Although there is some evidence on heterogeneity of remissions in affective disorders (partial and full), many aspects of their comparative epidemiology, psychopathology, comorbidity and treatment are still unclear. According to our hypothesis, partial/symptomatic and full/syndromal remissions are not just consecutive stages of disease with spontaneous or treatment related interchange, but independent clinical entities with different essence. The distinction reflects a predominant pattern of disease development, based on interaction of two comorbid axes -- recurrent depression and personality disorder (PD).
A random epidemiological sample of 450 subjects (314 women and 136 men) with affective disorders was examined cross-sectionally and retrospectively.
In the epidemiological sample, the prevalence was distributed as follows: verified remissions -- 36.2% (n=163): partial -- 27.5% (n=124), full - 8.7% (n=39). It has been shown that partial remission is a result of overlapping of recurrent depression and PD with affective diathesis (cycloid, hyperthymic, borderline) or PD prone to close interrelations with affective disorders (avoidant, obsessive-compulsive, narcissistic, histrionic). Thus, most residual symptoms (RS) reflect the association and are heterogeneous -- combined, affective, personal. Combined RS (dysthymic, phobic/anxious, somatoform) are "joint" presentations of depression and PD. Affective RS are depressive "blips" or brief depressive flares. Personal RS are pathological postdepressive personality traits (depressive, hypochondriacal, avoidant, dependent, histrionic), emerged or enhanced after depression. Full remission develops in "dissociation" of recurrent depression and PD without affective diathesis (schizotypal, schizoid, obsessive-compulsive, histrionic). Some common personality dimensions are relevant here: perfectionism, work addiction, hyperactivity, and psychological detachment from vital depressive symptoms ("alexithymia for depression").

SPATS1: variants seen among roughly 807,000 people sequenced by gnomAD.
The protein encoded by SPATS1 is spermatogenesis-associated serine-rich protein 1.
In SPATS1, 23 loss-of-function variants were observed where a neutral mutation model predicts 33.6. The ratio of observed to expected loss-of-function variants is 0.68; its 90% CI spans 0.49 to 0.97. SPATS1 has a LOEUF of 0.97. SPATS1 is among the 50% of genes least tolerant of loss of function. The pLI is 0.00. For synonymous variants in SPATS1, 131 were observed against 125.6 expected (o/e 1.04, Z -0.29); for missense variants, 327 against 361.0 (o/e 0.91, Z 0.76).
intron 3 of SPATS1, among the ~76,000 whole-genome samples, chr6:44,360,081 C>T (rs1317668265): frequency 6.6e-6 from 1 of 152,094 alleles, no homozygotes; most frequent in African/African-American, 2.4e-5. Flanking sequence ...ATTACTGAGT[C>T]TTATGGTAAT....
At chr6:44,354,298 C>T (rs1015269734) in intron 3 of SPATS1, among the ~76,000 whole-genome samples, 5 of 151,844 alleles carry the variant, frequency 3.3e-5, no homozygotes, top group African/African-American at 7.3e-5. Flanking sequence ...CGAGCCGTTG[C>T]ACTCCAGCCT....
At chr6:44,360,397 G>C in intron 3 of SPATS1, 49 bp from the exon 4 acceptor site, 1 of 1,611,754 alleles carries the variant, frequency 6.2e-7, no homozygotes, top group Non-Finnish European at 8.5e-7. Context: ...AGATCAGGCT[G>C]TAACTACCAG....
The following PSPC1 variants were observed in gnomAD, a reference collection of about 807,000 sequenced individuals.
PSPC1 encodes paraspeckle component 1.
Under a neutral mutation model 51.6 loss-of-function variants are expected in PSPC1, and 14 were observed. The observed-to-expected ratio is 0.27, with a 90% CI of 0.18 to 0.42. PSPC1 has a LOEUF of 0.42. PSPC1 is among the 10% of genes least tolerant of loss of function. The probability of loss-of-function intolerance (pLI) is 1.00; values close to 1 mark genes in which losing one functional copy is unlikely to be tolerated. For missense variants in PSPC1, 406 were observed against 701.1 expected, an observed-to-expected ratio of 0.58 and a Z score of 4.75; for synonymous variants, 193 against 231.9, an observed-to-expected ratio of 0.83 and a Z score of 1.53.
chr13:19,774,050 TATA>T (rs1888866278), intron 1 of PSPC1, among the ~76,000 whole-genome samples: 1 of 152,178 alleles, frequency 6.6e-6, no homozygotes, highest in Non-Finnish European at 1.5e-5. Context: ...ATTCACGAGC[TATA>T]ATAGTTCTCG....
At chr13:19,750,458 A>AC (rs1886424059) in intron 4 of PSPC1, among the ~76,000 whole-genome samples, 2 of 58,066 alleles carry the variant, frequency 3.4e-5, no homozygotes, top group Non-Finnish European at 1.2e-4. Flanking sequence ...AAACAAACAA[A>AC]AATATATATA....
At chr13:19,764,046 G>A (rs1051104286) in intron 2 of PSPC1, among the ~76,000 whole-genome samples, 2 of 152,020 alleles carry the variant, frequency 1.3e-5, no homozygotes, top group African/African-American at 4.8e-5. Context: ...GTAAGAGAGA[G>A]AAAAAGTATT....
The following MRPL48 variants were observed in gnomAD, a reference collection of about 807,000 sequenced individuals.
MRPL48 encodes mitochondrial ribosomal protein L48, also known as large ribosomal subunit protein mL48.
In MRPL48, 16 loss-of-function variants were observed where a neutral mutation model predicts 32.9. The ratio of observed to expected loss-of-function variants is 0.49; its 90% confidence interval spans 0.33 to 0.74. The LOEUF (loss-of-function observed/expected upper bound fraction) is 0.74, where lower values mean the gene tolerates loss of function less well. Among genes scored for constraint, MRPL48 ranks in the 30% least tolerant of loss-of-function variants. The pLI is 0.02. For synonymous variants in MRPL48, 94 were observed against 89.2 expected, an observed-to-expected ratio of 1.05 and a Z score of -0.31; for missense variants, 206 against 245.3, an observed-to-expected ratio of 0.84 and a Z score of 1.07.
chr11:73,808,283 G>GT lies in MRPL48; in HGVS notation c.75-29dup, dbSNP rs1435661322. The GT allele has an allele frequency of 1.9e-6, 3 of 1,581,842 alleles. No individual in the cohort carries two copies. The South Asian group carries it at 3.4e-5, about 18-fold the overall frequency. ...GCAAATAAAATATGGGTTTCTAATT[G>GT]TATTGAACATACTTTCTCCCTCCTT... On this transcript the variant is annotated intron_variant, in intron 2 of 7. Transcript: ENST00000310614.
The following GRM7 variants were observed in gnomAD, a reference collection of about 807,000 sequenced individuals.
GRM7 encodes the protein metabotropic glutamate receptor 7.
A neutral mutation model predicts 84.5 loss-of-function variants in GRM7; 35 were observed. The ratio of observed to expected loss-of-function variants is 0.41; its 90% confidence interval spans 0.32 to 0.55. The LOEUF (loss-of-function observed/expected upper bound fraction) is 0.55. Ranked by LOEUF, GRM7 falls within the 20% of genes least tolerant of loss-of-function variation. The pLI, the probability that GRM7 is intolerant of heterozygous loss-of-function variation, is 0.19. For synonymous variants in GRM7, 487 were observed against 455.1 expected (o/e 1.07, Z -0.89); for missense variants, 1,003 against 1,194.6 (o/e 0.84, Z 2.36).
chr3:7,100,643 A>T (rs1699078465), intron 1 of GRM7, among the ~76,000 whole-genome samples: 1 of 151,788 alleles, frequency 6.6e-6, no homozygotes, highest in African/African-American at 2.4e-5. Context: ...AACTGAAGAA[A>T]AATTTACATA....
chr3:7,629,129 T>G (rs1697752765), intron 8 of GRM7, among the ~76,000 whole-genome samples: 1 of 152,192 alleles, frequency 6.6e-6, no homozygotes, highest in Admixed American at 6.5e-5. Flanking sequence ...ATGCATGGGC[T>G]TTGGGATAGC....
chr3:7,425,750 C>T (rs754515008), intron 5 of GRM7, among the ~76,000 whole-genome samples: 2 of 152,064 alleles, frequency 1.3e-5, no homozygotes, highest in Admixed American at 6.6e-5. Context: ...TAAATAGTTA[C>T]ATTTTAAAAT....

The discussed remissions division suggests different prognosis and treatment approach.